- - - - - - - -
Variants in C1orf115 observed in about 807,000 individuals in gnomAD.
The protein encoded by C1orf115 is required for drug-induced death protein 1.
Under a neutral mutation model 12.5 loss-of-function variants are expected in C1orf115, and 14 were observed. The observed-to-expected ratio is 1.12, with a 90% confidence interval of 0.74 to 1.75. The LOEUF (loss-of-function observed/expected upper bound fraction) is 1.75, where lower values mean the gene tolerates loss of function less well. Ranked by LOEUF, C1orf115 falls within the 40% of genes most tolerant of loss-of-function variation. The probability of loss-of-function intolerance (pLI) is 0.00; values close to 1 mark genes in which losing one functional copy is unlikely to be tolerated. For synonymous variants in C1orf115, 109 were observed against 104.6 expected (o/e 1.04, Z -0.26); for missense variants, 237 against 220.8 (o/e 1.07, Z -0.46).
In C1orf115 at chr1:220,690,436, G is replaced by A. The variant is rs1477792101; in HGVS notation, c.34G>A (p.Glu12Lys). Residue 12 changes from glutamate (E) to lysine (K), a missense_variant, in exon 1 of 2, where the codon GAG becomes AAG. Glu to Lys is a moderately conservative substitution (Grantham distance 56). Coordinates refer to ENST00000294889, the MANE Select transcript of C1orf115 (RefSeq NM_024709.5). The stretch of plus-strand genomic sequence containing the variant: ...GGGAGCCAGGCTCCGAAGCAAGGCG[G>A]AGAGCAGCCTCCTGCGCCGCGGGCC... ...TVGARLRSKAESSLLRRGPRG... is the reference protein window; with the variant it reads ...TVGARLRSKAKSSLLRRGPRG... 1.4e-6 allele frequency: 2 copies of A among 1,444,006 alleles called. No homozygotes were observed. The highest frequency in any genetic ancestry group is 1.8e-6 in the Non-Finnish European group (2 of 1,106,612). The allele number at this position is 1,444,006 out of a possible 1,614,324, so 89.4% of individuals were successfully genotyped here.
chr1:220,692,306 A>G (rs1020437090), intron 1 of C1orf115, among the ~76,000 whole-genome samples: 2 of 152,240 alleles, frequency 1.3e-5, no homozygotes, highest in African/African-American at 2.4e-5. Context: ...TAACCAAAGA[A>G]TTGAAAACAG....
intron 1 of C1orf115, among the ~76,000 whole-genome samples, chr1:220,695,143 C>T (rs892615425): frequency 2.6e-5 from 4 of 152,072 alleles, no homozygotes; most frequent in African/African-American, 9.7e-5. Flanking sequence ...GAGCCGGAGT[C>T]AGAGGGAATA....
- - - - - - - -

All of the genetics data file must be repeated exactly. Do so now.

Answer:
Variants in C1orf115 observed in about 807,000 individuals in gnomAD.
The protein encoded by C1orf115 is required for drug-induced death protein 1.
Under a neutral mutation model 12.5 loss-of-function variants are expected in C1orf115, and 14 were observed. The observed-to-expected ratio is 1.12, with a 90% confidence interval of 0.74 to 1.75. The LOEUF (loss-of-function observed/expected upper bound fraction) is 1.75, where lower values mean the gene tolerates loss of function less well. Ranked by LOEUF, C1orf115 falls within the 40% of genes most tolerant of loss-of-function variation. The probability of loss-of-function intolerance (pLI) is 0.00; values close to 1 mark genes in which losing one functional copy is unlikely to be tolerated. For synonymous variants in C1orf115, 109 were observed against 104.6 expected (o/e 1.04, Z -0.26); for missense variants, 237 against 220.8 (o/e 1.07, Z -0.46).
In C1orf115 at chr1:220,690,436, G is replaced by A. The variant is rs1477792101; in HGVS notation, c.34G>A (p.Glu12Lys). Residue 12 changes from glutamate (E) to lysine (K), a missense_variant, in exon 1 of 2, where the codon GAG becomes AAG. Glu to Lys is a moderately conservative substitution (Grantham distance 56). Coordinates refer to ENST00000294889, the MANE Select transcript of C1orf115 (RefSeq NM_024709.5). The stretch of plus-strand genomic sequence containing the variant: ...GGGAGCCAGGCTCCGAAGCAAGGCG[G>A]AGAGCAGCCTCCTGCGCCGCGGGCC... ...TVGARLRSKAESSLLRRGPRG... is the reference protein window; with the variant it reads ...TVGARLRSKAKSSLLRRGPRG... 1.4e-6 allele frequency: 2 copies of A among 1,444,006 alleles called. No homozygotes were observed. The highest frequency in any genetic ancestry group is 1.8e-6 in the Non-Finnish European group (2 of 1,106,612). The allele number at this position is 1,444,006 out of a possible 1,614,324, so 89.4% of individuals were successfully genotyped here.
chr1:220,692,306 A>G (rs1020437090), intron 1 of C1orf115, among the ~76,000 whole-genome samples: 2 of 152,240 alleles, frequency 1.3e-5, no homozygotes, highest in African/African-American at 2.4e-5. Context: ...TAACCAAAGA[A>G]TTGAAAACAG....
intron 1 of C1orf115, among the ~76,000 whole-genome samples, chr1:220,695,143 C>T (rs892615425): frequency 2.6e-5 from 4 of 152,072 alleles, no homozygotes; most frequent in African/African-American, 9.7e-5. Flanking sequence ...GAGCCGGAGT[C>T]AGAGGGAATA....